A few belated thoughts on the gay marriage issue.

We have been traveling but I had wanted to write down a few thoughts that have come to mind in response to much of what I have read in response to the Supreme Court’s decision regarding gay marriage.

I don’t offer these comments as a dogmatic position but as ideas to consider and to perhaps offer a slightly different perspective. It seems there are two different aspects to the issue: the civil and the religious.

The first is the civil aspect and I am fully in favor of granting equality in marriage to any couple that desires to commit in marriage. Too many people believe that the sexual morality of consenting adults is an area that should be legislated according to certain religious views but it seems they are struggling against the reality of what it means to live in a pluralistic society. As a generalization, history has demonstrated that the Christian Church has wasted resources, energy, etc., on fighting culture wars: teaching creationism in schools, prayer in schools, 10 commandments in public spaces, nativity scenes in public places, just to name a few that come to mind. I am aware of probably all the main reasons that some Christians would disagree with me on the civil issue but from all the reading I have done I remain unconvinced that these culture wars are worth fighting particularly since they distract the Church from issues of justice and mercy. However most of what I wish to comment on is the religious aspect to this argument. Can we conceive of gay Christians committing to each other in love and being accepted in the Church?

Much of what I have read appears to rely specifically on Paul and his so called “vice” lists (i.e. Rom. 1:26-31; 1 Cor. 5:11; 6:9-11; Gal. 5:19-21) and it reinforces what I have noticed in my years in the Evangelical church world: much of what drives our view of right and wrong is influenced more by Paul than by Jesus (more on this below). In the interests of brevity, but at the risk of being misunderstood, I will offer a few observations.

Accommodation: This is the term commonly used in biblical studies to describe how God could “allow” and in fact appear to sanction activities or attitudes that have come to be considered as going against the overall grain of Scripture (to borrow a phrase from Stanley Hauerwas). Here are a few of the more obvious from the OT.

Treatment of women: assumes women are property, not equal in value to men—God accommodates and the laws are “humane” but still work under the cultural assumptions.

1 If a man sells his daughter as a servant, she is not to go free as male servants do. Exodus 21:7
2 If a man happens to meet a virgin who is not pledged to be married and rapes her and they are discovered, 29 he shall pay her father fifty shekels of silver. He must marry the young woman, for he has violated her. He can never divorce her as long as he lives. Deuteronomy 22:28-29

Treatment of slaves: assumes slaves are property and again, just as in the case with women, the laws are humane but still work under the cultural assumptions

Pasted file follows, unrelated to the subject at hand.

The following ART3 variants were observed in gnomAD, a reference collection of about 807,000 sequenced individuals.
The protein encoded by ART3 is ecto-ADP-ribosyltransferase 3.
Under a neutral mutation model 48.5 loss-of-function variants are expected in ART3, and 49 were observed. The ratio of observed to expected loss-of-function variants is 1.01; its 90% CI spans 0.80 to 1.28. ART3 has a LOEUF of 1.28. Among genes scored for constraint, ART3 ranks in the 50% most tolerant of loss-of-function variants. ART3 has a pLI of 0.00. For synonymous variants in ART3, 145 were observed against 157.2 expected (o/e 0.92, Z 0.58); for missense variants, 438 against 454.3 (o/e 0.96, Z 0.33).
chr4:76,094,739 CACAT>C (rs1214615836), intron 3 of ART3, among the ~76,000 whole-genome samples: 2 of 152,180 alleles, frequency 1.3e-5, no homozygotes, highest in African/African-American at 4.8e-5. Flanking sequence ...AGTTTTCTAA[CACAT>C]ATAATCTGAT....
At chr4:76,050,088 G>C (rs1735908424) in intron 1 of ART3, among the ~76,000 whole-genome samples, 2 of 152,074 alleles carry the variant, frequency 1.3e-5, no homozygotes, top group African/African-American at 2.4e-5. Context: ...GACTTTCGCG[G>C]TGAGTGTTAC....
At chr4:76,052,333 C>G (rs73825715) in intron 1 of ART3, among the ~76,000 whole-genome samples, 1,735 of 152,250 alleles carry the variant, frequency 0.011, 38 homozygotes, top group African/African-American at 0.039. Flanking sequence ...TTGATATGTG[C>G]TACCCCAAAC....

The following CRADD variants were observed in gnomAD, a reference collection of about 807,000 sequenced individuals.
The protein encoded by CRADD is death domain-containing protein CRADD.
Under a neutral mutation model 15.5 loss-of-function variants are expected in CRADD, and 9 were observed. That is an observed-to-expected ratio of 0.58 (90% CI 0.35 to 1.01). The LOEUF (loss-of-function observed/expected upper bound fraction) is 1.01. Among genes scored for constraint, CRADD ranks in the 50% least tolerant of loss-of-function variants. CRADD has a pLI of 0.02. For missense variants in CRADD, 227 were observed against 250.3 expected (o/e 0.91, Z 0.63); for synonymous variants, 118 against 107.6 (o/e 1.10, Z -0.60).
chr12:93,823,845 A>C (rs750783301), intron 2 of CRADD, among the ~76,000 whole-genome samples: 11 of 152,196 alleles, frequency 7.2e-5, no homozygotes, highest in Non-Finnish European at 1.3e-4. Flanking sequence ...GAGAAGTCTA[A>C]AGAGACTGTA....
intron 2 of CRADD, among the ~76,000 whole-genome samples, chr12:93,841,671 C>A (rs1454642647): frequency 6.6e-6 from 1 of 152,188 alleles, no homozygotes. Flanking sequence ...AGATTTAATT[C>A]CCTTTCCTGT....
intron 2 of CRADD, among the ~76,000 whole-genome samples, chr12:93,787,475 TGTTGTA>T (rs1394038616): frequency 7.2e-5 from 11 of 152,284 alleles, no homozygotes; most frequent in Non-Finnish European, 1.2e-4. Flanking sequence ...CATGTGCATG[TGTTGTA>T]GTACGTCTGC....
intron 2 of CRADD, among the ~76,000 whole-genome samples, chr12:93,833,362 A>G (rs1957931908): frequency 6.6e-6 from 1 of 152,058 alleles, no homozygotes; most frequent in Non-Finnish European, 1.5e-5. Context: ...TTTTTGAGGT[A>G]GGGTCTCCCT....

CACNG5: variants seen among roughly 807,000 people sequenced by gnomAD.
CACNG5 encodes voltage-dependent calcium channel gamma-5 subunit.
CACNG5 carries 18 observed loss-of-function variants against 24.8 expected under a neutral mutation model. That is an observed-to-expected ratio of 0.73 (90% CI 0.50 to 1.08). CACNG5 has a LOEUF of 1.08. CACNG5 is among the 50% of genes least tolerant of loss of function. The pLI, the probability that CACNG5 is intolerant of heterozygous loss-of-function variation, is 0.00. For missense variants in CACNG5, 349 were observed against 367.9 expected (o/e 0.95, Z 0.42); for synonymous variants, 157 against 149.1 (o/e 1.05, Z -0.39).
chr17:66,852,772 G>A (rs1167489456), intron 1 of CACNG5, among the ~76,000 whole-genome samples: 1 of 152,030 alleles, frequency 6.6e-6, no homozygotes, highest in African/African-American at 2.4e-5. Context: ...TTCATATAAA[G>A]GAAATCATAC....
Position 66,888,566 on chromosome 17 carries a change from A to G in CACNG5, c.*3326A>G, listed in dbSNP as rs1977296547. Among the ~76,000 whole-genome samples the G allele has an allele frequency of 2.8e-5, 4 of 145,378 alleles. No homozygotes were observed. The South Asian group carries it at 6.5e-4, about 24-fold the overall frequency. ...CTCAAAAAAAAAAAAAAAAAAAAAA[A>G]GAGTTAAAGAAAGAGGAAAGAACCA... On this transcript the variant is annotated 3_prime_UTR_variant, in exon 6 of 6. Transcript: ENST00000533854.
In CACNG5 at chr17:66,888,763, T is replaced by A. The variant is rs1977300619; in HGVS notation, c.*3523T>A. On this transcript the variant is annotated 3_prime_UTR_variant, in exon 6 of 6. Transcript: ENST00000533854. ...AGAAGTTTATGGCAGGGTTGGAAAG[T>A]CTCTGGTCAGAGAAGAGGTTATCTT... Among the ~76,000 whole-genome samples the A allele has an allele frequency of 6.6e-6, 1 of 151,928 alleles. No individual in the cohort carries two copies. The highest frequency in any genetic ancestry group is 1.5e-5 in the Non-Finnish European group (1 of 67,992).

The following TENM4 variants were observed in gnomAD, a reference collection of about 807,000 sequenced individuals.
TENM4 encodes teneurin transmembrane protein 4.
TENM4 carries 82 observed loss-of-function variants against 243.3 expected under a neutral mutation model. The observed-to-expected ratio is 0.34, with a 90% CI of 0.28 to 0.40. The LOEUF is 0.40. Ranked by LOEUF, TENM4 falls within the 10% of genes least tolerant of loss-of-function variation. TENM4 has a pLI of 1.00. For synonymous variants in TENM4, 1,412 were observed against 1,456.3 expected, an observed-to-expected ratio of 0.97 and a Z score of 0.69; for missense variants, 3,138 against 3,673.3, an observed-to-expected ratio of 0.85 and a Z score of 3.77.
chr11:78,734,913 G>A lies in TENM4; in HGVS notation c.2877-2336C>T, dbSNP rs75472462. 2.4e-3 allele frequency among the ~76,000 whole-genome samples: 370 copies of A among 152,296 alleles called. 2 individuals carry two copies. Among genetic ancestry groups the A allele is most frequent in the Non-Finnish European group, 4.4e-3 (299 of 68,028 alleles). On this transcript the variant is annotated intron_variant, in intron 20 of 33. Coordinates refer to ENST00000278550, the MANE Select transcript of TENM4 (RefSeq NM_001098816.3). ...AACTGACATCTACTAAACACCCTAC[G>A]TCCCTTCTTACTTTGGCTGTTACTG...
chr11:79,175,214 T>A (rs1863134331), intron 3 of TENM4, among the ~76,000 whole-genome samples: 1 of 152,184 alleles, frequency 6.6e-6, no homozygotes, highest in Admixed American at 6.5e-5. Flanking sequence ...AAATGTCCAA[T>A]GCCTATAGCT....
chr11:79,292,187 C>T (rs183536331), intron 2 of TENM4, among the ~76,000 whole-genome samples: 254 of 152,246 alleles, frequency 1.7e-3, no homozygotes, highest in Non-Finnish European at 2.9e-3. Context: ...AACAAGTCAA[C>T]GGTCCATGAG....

Lev. 25:44-46-44 “‘Your male and female slaves are to come from the nations around you; from them you may buy slaves. 45 You may also buy some of the temporary residents living among you and members of their clans born in your country, and they will become your property. 46 You can bequeath them to your children as inherited property and can make them slaves for life,

Even in the NT there are instructions for Christian slave owners. (Interestingly in American history, those who argued in favor of slavery had all the proof texts while the “liberals” opposing slavery had to argue about the overall picture of who God is and his desire for humanity.)

Multiple wives as well as using the slaves of your wives to produce more children: There are enough examples in the OT of men with multiple wives who were also considered righteous for us to assume that this is yet another issue of God accommodating himself to cultural norms. Such a sinful practice does not constitute a “break” from God. Consider this non-exhaustive list: Abraham, Jacob, Elkanah (Hannah’s husband), David, Solomon and every other righteous king of Judah. Particularly in the case of the wives’ slaves this is yet another example of women treated as property. Hagar would have had no say in the matter of having sex with Abraham; she simply had to obey Sarah.

War/”Total” war/Individual Violence: Through Jesus, God is most clearly, most completely revealed. Jesus embodies and teaches that violence against enemies is against God’s desires and that love is the better way. Yet in the OT violence is “mandated.” Once again God accommodates to a culture in which possession of a land can be conceived of in no other way than through means of war/annihilation. Even the personal violence of the prophets Elijah and Elisha, just to name a couple, is narrated with no comment and assumes their actions were justified.

What about today in America?

Divorce and remarriage: Is there any doubt that God does not desire divorce? Is there any doubt that God does not desire remarriage if there is a case of divorce? Scripture is clear on this issue yet it is such a part of our culture that it is extremely difficult to imagine “enforcing” the intent of Scripture.